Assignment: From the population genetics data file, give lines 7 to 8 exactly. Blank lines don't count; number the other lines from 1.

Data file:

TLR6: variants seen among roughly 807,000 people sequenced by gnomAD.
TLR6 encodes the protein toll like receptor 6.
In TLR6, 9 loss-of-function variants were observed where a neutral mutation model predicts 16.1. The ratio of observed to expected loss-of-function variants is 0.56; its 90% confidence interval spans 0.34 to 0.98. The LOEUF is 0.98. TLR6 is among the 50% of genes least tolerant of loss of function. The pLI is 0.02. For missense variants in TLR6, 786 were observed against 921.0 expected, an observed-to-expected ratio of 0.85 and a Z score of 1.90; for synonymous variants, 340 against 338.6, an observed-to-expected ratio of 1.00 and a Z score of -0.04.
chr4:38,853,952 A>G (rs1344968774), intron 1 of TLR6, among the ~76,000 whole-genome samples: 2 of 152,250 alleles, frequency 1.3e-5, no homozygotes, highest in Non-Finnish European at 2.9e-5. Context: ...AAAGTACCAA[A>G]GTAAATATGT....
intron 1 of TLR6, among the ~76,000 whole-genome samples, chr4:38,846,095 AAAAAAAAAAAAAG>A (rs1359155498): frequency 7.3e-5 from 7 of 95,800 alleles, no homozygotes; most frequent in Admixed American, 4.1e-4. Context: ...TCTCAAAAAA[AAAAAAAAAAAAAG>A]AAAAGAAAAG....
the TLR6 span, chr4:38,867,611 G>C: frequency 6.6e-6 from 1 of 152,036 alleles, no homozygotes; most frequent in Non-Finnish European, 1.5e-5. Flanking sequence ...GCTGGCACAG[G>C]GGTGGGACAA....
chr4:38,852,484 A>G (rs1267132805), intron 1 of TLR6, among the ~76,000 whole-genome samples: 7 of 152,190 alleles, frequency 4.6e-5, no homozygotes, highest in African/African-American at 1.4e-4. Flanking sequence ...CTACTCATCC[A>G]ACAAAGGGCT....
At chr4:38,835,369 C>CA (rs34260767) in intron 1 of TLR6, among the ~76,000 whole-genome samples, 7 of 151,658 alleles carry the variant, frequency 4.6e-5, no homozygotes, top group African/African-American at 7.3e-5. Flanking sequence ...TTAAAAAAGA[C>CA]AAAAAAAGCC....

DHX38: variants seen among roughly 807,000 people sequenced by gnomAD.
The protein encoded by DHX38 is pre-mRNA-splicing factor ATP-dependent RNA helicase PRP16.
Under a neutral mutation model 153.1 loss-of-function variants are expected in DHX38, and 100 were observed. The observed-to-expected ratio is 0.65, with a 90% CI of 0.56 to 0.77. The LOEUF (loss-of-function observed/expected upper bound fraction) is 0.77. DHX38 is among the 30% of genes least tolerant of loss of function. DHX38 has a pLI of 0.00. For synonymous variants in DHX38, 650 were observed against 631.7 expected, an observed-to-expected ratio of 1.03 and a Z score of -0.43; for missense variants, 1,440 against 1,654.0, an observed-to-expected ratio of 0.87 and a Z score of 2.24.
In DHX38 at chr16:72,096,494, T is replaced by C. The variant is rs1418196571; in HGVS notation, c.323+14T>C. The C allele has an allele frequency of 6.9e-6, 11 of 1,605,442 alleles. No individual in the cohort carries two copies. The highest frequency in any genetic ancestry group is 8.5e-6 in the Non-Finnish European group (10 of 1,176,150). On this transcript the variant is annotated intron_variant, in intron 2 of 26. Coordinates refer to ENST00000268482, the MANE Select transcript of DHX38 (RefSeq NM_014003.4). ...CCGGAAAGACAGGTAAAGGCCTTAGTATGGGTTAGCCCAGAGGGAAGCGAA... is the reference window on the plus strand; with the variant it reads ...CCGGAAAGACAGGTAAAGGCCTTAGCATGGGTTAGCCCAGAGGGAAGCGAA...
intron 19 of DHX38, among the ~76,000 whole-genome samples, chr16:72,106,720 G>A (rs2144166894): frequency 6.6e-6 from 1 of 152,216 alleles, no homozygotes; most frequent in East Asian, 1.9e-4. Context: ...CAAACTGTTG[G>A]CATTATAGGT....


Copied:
chr4:38,852,484 A>G (rs1267132805), intron 1 of TLR6, among the ~76,000 whole-genome samples: 7 of 152,190 alleles, frequency 4.6e-5, no homozygotes, highest in African/African-American at 1.4e-4. Flanking sequence ...CTACTCATCC[A>G]ACAAAGGGCT....
At chr4:38,835,369 C>CA (rs34260767) in intron 1 of TLR6, among the ~76,000 whole-genome samples, 7 of 151,658 alleles carry the variant, frequency 4.6e-5, no homozygotes, top group African/African-American at 7.3e-5. Flanking sequence ...TTAAAAAAGA[C>CA]AAAAAAAGCC....